In September, the U.S. Department of Education will finalize state accountability plans for implementing the Every Student Succeeds Act (ESSA). According to the Center for Digital Education (CDE), the law authorizes new funding streams that can potentially help states and districts invest in technology. The funding allowances include:

  • A new Title IV block grant program called the Student Support and Academic Enrichment grant program through which districts can use up to 60% of funding for innovative technology strategies;
  • Title II funding for professional development that focuses on technology and the use of data;
  • and Title I flexibility, which provides new requirements and opportunities that could motivate states/districts to concentrate more on technology as part of broader initiatives.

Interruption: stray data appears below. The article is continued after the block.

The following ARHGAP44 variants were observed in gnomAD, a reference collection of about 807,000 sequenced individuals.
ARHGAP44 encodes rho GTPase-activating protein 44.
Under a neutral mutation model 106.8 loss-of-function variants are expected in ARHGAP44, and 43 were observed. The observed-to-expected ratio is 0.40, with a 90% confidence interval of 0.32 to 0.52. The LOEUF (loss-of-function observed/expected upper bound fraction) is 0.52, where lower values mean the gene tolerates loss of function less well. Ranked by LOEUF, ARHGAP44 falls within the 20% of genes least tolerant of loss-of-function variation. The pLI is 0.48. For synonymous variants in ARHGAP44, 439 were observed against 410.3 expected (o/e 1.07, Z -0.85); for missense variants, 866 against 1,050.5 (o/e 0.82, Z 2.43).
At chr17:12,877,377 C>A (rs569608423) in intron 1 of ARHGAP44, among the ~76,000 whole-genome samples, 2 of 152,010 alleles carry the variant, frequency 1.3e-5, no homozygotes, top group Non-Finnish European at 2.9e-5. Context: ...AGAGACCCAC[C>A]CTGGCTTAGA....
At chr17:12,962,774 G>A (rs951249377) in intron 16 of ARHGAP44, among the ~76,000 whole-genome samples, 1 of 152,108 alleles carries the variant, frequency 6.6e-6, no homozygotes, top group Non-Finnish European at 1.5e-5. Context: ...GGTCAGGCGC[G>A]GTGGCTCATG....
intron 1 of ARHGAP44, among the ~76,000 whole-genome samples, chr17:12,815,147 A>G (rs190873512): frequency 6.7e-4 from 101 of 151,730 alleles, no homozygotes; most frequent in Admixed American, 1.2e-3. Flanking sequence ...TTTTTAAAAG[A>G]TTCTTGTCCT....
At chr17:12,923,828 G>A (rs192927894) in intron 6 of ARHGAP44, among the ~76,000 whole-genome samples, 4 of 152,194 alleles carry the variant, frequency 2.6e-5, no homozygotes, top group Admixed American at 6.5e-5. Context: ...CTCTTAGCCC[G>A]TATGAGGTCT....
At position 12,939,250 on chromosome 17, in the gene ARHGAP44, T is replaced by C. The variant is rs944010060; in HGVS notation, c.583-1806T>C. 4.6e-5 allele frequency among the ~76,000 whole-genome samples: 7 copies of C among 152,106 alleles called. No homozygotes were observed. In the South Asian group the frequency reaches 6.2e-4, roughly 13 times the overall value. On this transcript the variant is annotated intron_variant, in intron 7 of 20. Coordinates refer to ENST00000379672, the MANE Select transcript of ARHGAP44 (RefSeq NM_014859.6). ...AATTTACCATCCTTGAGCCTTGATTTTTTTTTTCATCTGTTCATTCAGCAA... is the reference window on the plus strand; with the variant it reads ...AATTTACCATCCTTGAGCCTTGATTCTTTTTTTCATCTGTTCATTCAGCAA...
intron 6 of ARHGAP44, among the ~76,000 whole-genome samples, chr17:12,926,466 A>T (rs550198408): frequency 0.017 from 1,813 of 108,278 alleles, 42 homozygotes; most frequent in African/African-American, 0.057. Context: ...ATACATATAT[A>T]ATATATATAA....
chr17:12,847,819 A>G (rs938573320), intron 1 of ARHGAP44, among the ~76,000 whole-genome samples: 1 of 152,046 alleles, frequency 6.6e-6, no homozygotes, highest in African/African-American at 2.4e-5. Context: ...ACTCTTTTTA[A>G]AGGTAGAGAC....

The CDE published a 40-page handbook to help states and districts unlock ESSA’s potential. Titled “ESSA, EdTech and the Future of Education,” the handbook provides guidance on “how to take advantage of these new opportunities and suggestions on how to integrate them with a broader strategic vision to guide teaching and learning.”


Fundraising has come a long way from box top clippings and bake sales. Today, anyone from venture capitalists to Facebook friends of friends can transform a classroom with just a few clicks. Easy, cost-effective, and engaging fundraising ideas include: